Compiled By: Ali Raza Jalbani
Web-Desk (February 19, 2018): The world is a weird (and wonderful) place, and there are many bizarre, beautiful and amazing places in different regions. Here we present 15 pictures to show some uncommon pictures.
15. Spotted Lake, British Columbia, CanadaSpotted Lake has long been revered by the native Okanagan (Syilx) people and it’s easy to see why they think of it as sacred. In the summer the water of the lake evaporates and small mineral pools are left behind, each one different in colour to the next. The unique lake can be viewed on Highway 3, northwest of the small town of Osoyoos, although visitors are asked not to trespass on tribal land.
14. Thor’s Well, Oregon, USAIn rough conditions at Thor’s Well, also known as Spouting Horn, the surf rushes into the gaping sinkhole and then shoots upwards with great force. It can be viewed by taking the Captain Cook Trail from the Cape Perpetua Scenic Area visitor centre – but for your own safety stay well back, especially at high tide or during winter storms.
13. Lake Hillier, Western AustraliaThis remarkable lake was discovered in 1802 on the largest of the islands in Western Australia’s Recherche Archipelago. The lake keeps its deep pink colour year-round, which some scientists say is down to high salinity combined with the presence of a salt-loving algae species known as Dunaliella salina and pink bacteria known as halobacteria.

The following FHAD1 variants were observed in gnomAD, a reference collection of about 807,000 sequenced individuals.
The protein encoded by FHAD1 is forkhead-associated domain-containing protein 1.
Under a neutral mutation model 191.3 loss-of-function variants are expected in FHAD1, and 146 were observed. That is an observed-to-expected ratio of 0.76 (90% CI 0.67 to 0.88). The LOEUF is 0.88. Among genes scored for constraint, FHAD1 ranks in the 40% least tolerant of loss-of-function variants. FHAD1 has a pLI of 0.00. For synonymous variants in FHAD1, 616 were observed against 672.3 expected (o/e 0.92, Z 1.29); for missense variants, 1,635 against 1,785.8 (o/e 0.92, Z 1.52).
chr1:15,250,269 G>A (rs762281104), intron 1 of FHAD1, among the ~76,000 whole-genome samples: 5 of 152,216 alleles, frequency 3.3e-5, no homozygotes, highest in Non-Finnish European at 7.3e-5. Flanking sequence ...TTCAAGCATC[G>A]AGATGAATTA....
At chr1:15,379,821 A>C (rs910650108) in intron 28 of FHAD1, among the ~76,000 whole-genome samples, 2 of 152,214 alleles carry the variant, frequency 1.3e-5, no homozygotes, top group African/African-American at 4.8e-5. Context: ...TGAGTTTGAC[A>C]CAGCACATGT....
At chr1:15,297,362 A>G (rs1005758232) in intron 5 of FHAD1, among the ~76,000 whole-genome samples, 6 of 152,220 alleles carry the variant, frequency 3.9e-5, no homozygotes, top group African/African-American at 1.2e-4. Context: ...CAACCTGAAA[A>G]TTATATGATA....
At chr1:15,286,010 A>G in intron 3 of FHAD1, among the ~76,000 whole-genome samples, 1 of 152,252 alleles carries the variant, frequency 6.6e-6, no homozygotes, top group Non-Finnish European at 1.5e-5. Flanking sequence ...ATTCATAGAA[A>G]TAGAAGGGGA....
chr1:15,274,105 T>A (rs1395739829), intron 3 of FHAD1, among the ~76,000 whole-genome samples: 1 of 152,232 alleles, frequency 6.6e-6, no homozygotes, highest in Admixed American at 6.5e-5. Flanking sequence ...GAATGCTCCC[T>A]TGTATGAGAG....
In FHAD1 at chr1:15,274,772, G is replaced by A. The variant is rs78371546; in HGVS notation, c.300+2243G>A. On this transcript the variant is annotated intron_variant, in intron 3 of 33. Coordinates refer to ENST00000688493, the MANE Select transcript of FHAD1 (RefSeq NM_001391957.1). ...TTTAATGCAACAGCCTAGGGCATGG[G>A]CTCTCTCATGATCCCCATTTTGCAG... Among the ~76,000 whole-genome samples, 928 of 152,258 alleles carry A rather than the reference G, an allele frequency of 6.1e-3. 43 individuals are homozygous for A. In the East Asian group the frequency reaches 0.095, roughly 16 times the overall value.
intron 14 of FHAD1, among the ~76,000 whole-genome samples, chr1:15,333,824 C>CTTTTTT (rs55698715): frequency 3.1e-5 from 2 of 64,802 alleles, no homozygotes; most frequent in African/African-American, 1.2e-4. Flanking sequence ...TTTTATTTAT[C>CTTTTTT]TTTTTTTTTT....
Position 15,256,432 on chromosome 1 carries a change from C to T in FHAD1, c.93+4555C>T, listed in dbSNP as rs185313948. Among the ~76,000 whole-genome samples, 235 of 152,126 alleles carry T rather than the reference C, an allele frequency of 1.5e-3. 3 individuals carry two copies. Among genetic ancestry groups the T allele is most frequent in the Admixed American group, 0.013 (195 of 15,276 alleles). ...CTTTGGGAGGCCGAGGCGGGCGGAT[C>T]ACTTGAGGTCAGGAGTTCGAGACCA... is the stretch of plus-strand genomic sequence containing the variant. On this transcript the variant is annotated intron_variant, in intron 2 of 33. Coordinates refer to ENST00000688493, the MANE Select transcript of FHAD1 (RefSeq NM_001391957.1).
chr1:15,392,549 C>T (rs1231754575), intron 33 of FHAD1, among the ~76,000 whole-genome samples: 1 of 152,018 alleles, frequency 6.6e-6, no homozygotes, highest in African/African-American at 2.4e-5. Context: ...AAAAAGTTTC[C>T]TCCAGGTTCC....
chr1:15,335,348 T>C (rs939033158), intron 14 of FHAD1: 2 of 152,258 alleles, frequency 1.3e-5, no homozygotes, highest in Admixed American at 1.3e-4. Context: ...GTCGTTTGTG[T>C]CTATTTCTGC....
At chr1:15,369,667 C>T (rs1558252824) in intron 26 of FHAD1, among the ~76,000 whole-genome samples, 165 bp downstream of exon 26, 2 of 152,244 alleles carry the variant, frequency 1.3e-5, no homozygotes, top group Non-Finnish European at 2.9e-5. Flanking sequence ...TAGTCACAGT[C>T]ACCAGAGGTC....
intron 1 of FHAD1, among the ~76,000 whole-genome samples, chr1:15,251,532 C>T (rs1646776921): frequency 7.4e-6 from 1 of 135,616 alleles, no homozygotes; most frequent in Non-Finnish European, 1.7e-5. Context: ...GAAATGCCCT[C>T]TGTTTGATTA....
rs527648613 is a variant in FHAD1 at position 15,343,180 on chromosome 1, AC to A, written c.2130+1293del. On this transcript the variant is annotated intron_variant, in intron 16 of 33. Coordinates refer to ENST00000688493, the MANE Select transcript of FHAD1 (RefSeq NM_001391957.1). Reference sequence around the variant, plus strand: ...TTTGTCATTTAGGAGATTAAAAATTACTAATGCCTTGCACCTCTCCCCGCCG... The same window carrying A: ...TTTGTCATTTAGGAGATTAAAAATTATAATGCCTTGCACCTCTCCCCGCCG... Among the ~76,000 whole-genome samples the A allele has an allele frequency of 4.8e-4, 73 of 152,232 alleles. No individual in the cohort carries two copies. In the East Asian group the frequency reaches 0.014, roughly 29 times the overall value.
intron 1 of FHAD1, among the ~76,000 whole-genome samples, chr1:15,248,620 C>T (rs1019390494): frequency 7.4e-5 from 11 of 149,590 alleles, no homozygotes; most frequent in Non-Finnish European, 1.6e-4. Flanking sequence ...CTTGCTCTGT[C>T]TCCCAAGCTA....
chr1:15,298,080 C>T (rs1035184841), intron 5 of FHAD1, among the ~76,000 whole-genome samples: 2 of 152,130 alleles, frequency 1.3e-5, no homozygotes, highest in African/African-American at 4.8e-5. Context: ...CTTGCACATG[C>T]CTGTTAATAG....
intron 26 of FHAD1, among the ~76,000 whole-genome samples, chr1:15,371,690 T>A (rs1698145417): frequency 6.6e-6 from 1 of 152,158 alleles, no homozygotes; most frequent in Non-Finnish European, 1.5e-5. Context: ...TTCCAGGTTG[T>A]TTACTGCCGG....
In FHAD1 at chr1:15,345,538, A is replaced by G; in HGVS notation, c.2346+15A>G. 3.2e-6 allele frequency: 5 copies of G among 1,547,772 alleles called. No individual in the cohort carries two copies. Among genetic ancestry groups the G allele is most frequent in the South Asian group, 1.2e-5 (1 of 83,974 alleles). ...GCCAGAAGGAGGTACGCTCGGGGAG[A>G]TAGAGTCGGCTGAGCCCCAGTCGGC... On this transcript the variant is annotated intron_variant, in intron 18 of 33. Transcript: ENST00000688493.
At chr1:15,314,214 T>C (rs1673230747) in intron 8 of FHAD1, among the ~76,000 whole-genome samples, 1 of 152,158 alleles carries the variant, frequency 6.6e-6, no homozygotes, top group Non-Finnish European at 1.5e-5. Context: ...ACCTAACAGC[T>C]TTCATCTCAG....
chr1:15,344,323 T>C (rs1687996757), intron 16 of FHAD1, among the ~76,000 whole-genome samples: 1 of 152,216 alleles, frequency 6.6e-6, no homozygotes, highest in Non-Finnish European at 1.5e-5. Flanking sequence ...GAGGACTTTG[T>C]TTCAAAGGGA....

12. Badab-e-Surt, IranThese beautiful travertine terraces in northern Iran are an incredible natural phenomenon that developed over thousands of years. Travertine is a type of limestone formed from the calcium deposit in flowing water, and in this case it’s two hot springs with different mineral properties. The unusual reddish colour of the terraces is down to the high content of iron oxide in one of the springs.
11. The Tianzi mountains, ChinaFound in the northwest of Hunan Province in China, these staggering limestone pinnacles are covered in lush greenery and often shrouded in mist. A cable car goes as far as Huangshi village and from here there are plenty of trails to take in the breathtaking views of Tianzi (‘son of heaven’); unsurprisingly the inspiration for the floating mountains in the blockbuster movie Avatar.
10. Socotra Island, YemenSeparated from mainland Africa more than six million years ago, this remote island looks like the set of a sci-fi film. Socotra’s incredible and unique biodiversity means that there are plants and trees here not found anywhere else in the world – particularly bizarre are the ancient and twisted dragon’s blood tree and the bulbous bottle tree.
09. The Hand in the Desert, ChileChilean sculptor Mario Irarrázabal is responsible for this very weird work of art rising out of the sand in the middle of Chile’s Atacama desert, 46 miles south of the city of Antofagasta.
Irarrázabal is known for his works associated with human suffering and this huge unnerving sculpture captures a feeling of loneliness, exacerbated by its desolate and secluded location.